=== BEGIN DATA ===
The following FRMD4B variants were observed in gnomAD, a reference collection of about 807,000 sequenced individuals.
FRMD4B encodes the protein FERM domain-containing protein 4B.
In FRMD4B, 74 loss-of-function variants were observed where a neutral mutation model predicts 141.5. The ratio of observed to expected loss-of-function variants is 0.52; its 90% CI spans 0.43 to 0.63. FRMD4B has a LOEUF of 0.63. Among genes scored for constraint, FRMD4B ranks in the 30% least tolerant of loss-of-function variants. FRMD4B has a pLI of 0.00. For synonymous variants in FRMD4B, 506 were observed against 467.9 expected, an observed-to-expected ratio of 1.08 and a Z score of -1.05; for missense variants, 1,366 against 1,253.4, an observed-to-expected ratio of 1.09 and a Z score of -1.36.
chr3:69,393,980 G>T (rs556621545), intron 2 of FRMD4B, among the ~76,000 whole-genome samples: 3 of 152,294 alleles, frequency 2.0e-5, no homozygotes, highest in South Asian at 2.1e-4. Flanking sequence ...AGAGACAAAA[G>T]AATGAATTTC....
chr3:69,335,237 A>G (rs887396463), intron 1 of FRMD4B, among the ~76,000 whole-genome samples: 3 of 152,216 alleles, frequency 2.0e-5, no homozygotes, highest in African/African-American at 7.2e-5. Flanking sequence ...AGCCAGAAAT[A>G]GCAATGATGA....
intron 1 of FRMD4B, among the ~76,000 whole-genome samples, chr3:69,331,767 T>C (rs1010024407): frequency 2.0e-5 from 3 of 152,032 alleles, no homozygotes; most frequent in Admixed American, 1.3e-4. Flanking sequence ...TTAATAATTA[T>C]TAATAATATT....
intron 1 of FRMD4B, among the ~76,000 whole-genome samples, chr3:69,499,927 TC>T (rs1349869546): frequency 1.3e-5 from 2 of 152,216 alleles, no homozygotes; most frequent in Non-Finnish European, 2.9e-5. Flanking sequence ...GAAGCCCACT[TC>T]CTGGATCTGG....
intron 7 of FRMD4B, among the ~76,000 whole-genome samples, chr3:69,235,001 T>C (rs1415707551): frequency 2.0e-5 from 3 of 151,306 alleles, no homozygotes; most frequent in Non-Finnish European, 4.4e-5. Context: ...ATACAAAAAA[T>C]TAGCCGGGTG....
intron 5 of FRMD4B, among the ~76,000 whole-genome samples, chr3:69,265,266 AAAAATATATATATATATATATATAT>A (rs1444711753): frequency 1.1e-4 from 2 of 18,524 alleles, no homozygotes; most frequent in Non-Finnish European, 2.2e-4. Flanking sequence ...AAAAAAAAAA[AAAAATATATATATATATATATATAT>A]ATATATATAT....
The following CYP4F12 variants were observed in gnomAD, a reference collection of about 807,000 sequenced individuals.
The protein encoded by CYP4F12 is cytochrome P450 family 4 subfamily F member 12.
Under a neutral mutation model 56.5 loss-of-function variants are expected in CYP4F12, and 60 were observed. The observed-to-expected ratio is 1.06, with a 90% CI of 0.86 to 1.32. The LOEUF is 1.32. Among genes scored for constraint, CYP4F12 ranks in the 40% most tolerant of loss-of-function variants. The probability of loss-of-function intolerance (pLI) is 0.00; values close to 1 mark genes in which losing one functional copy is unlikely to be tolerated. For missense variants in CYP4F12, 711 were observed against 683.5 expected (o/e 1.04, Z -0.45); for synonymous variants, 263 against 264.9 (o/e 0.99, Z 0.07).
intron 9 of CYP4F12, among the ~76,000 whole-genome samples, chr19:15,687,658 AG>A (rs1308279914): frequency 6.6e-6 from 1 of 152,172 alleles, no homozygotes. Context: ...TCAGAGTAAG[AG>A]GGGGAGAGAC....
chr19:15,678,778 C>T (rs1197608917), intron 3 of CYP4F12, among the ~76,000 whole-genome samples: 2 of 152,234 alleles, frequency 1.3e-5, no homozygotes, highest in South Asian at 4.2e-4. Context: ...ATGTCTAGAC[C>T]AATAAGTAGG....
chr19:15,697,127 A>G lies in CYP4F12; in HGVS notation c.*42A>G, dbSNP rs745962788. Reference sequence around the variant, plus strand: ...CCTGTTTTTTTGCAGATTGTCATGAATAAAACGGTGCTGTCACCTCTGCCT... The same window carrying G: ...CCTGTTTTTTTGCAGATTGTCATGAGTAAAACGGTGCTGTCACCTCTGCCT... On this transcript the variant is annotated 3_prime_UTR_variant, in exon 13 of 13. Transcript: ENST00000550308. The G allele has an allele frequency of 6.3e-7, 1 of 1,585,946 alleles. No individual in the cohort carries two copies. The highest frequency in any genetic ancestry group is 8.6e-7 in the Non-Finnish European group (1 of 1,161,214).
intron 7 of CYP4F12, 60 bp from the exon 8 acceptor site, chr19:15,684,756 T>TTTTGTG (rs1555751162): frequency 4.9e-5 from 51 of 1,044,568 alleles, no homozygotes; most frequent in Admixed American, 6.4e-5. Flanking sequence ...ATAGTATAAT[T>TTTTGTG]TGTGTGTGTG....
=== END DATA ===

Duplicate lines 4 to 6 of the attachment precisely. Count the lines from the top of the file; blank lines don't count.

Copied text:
chr3:69,393,980 G>T (rs556621545), intron 2 of FRMD4B, among the ~76,000 whole-genome samples: 3 of 152,294 alleles, frequency 2.0e-5, no homozygotes, highest in South Asian at 2.1e-4. Flanking sequence ...AGAGACAAAA[G>T]AATGAATTTC....
chr3:69,335,237 A>G (rs887396463), intron 1 of FRMD4B, among the ~76,000 whole-genome samples: 3 of 152,216 alleles, frequency 2.0e-5, no homozygotes, highest in African/African-American at 7.2e-5. Flanking sequence ...AGCCAGAAAT[A>G]GCAATGATGA....
intron 1 of FRMD4B, among the ~76,000 whole-genome samples, chr3:69,331,767 T>C (rs1010024407): frequency 2.0e-5 from 3 of 152,032 alleles, no homozygotes; most frequent in Admixed American, 1.3e-4. Flanking sequence ...TTAATAATTA[T>C]TAATAATATT....